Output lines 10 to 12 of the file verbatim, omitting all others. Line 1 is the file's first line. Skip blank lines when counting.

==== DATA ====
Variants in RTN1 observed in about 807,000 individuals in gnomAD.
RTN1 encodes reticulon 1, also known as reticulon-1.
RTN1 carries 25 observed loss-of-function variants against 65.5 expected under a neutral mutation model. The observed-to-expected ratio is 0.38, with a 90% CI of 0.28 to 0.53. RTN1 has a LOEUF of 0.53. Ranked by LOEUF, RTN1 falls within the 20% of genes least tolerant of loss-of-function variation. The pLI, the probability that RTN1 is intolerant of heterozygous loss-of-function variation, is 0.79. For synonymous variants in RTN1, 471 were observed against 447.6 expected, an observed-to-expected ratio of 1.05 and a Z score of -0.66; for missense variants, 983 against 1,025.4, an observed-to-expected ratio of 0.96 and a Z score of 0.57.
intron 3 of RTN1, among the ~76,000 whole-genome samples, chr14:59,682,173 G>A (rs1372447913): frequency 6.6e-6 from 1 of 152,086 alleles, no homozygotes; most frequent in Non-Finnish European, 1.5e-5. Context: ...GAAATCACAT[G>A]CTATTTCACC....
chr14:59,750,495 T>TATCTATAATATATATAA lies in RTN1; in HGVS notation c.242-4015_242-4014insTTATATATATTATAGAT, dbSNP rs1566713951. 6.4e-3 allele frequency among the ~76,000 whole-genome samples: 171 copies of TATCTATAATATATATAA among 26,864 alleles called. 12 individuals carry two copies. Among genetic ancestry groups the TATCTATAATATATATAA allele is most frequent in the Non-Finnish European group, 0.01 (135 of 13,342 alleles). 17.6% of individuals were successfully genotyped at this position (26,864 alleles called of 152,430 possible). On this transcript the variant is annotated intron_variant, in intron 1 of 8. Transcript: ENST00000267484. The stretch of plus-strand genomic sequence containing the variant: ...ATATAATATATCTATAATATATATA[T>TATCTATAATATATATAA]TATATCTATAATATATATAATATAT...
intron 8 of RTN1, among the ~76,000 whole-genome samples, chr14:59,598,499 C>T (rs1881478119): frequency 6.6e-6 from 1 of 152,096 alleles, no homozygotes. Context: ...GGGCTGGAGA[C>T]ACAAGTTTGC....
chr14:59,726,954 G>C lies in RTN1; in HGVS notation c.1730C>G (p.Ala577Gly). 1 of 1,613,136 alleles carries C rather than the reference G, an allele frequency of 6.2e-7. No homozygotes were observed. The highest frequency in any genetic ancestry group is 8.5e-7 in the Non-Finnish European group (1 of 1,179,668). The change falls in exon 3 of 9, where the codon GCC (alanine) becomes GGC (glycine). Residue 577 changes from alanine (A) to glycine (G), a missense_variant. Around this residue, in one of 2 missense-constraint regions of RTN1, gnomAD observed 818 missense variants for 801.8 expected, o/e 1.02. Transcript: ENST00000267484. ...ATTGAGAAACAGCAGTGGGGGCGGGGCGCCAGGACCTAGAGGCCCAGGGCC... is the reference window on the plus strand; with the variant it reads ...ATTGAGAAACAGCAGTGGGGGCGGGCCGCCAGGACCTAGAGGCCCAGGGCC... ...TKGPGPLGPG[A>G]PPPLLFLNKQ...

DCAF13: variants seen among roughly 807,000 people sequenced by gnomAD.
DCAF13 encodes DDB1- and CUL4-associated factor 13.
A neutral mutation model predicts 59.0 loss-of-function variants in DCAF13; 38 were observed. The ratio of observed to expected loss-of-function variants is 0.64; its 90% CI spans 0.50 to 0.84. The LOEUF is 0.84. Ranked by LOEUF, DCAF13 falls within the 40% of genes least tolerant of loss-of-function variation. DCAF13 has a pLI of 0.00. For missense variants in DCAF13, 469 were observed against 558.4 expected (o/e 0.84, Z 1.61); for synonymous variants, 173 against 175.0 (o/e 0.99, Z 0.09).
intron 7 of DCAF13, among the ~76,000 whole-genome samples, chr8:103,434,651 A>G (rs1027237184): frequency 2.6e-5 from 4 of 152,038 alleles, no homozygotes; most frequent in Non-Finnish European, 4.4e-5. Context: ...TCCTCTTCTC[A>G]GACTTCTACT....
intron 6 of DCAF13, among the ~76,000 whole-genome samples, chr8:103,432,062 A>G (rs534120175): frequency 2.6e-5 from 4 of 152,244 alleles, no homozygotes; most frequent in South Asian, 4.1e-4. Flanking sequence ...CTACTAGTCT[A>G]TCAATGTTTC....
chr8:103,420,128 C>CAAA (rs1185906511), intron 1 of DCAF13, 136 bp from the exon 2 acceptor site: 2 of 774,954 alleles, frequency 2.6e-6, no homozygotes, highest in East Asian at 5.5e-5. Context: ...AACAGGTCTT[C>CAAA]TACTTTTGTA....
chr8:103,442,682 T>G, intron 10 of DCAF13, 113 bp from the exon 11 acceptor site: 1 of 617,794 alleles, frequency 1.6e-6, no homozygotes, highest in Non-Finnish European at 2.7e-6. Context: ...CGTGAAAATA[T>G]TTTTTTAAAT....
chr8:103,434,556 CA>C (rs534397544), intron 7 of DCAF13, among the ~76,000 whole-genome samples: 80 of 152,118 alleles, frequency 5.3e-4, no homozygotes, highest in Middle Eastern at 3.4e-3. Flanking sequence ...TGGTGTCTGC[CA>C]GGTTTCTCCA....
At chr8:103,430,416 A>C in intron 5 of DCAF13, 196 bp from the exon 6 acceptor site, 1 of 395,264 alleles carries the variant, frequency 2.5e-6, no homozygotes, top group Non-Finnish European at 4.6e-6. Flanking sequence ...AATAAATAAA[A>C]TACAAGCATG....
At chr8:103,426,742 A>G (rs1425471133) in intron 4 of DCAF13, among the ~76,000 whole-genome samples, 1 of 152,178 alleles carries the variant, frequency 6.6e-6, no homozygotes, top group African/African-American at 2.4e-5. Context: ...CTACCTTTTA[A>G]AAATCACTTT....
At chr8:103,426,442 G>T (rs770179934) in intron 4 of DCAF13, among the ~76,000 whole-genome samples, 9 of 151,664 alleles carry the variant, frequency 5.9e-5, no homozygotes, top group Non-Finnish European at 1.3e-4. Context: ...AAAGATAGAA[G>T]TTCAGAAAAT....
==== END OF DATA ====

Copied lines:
A neutral mutation model predicts 59.0 loss-of-function variants in DCAF13; 38 were observed. The ratio of observed to expected loss-of-function variants is 0.64; its 90% CI spans 0.50 to 0.84. The LOEUF is 0.84. Ranked by LOEUF, DCAF13 falls within the 40% of genes least tolerant of loss-of-function variation. DCAF13 has a pLI of 0.00. For missense variants in DCAF13, 469 were observed against 558.4 expected (o/e 0.84, Z 1.61); for synonymous variants, 173 against 175.0 (o/e 0.99, Z 0.09).
intron 7 of DCAF13, among the ~76,000 whole-genome samples, chr8:103,434,651 A>G (rs1027237184): frequency 2.6e-5 from 4 of 152,038 alleles, no homozygotes; most frequent in Non-Finnish European, 4.4e-5. Context: ...TCCTCTTCTC[A>G]GACTTCTACT....
intron 6 of DCAF13, among the ~76,000 whole-genome samples, chr8:103,432,062 A>G (rs534120175): frequency 2.6e-5 from 4 of 152,244 alleles, no homozygotes; most frequent in South Asian, 4.1e-4. Flanking sequence ...CTACTAGTCT[A>G]TCAATGTTTC....